The World Wide Web Consortium (W3C) Web Accessibility Initiative (WAI) has seen another busy year with loads of international standards and guidance created. Let’s have a quick recap of the highlights including CFA Australia’s own contribution.
The most eagerly anticipated development is the Web Content Accessibility Guidelines (WCAG) 2.2. While the new standard was not released this year, it has reached Candidate Recommendation stage which means it is a largely complete draft. With a focus on additional visual and cognitive guidance it is likely to be a great support to people with disability when it is released. Hopefully we will see this finalised in early 2023.
Another important development was work on the Accessibility of Remote Meetings which included CFA Australia’s own Dr Scott Hollier as the leading editor. The impact of COVID-19 has substantially increased the use of remote meeting platforms. With the rapid shift to remote meeting platforms, there has been little formalized guidance on how to ensure that remote meetings are accessible. This Note provides guidance to procurement processes, developers and users of remote meeting software to ensure that the content used in meetings and the way they are run can be maximised for accessibility.
This year has also seen great opportunities for people creating and seeking training in web accessibility with improvements to W3C WI curricula resources and the launch of an international resource that lists web accessibility courses. This includes the Professional Certificate in Web Accessibility course delivered by our own Dr Scott Hollier. It’s great to find a list of training opportunities in this space all listed in one place.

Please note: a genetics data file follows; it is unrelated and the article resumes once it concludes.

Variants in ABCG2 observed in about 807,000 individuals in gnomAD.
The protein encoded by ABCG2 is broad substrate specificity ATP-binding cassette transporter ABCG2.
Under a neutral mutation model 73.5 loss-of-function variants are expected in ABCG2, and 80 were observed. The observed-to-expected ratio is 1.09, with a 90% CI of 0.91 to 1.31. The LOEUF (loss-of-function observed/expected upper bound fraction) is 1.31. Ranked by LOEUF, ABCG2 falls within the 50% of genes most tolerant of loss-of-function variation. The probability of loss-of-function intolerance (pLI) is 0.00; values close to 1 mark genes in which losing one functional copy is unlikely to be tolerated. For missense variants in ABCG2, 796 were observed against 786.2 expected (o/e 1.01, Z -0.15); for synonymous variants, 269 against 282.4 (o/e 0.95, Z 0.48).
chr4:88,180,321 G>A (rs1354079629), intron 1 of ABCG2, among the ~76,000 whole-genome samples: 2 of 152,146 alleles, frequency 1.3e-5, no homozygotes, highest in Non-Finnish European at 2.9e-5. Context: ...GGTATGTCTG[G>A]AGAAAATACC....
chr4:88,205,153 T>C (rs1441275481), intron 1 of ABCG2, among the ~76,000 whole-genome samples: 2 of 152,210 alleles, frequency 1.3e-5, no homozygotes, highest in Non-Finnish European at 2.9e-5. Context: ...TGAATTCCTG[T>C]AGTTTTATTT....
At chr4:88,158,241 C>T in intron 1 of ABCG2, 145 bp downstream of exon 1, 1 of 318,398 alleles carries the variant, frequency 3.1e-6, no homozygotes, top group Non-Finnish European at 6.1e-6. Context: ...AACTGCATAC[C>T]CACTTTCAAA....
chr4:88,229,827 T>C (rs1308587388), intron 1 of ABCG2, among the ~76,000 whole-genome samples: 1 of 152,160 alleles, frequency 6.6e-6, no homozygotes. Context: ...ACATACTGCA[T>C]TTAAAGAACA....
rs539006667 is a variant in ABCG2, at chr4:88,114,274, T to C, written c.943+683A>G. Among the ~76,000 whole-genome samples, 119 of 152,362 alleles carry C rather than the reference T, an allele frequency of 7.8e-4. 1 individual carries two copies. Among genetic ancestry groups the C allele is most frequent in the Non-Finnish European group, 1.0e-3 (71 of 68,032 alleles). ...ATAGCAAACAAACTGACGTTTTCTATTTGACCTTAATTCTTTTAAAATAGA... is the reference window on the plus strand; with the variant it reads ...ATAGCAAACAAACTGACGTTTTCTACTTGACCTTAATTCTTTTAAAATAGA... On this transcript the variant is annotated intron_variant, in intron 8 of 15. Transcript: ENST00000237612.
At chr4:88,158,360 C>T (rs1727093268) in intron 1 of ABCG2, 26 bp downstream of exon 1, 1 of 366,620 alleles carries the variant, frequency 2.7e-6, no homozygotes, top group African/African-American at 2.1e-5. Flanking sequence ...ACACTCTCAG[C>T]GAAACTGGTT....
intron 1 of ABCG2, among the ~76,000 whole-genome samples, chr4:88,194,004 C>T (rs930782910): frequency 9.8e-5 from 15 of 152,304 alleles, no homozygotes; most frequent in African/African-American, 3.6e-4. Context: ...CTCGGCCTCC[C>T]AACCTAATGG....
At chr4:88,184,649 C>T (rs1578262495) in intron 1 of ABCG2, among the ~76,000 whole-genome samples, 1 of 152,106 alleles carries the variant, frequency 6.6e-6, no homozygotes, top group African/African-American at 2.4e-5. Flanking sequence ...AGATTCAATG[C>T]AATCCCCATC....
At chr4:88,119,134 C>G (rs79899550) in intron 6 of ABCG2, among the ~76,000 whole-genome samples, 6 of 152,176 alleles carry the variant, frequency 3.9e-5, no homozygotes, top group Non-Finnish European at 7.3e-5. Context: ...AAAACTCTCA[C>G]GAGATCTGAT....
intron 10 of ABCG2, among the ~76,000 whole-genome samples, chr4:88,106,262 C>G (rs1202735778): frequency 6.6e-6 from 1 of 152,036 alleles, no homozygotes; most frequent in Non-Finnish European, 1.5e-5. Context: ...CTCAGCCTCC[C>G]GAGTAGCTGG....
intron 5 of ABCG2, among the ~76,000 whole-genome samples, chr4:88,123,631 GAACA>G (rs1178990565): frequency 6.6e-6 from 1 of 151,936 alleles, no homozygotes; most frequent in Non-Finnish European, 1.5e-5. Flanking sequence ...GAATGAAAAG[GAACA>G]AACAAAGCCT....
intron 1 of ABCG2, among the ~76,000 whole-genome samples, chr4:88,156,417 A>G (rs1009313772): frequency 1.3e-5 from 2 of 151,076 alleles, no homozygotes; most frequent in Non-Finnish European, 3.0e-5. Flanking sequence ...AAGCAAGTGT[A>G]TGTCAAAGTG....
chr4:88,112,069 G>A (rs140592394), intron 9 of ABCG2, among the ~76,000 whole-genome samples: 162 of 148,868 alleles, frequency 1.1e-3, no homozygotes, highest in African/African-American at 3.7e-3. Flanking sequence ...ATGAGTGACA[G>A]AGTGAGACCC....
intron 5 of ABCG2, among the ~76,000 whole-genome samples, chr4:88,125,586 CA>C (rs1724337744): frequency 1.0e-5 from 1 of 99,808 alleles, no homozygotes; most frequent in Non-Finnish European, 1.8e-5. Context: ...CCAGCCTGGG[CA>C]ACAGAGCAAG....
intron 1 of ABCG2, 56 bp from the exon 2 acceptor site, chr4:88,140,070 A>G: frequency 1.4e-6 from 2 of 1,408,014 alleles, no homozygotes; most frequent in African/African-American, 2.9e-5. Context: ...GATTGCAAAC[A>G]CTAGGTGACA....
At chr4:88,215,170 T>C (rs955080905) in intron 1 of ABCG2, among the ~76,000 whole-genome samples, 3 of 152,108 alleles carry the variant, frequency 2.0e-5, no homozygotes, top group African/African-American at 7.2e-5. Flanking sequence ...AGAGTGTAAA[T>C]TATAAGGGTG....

This year also saw the release of the Synchronized Media Accessibility User Requirements (SAUR). This looks at ensuring media works effectively with accessibility features such as ALT text, captions, and sign language interpretation. Developers using this will be supporting an easier experience for people who rely on multiple accessibility tools. IT’s a great resource for anyone looking to ensure that a video and its associated accessibility features are optimised to appear at the same time.
One major highlight for CFA Australia is that after working with W3C WAI across many projects, we were formally provided an opportunity to become a W3C member organisation this year. IT’s great to expand our contribution to international accessibility guidance as part of our increased involvement in such an important organisation.
To end the update on a slightly sad note, it’s important to acknowledge that after 25 years of service, Judy Brewer, Director of the W3C WAI, is leaving to pursue a new role with the Partnership for Public Service. This position will see Brewer work alongside senior US Government officials, addressing the accessibility needs of the disability community, particularly with how technology is utilised across public service. CFA Australia has worked with Judy across many accessibility projects including on the Remote Meetings work and we wish her all the best in the new role.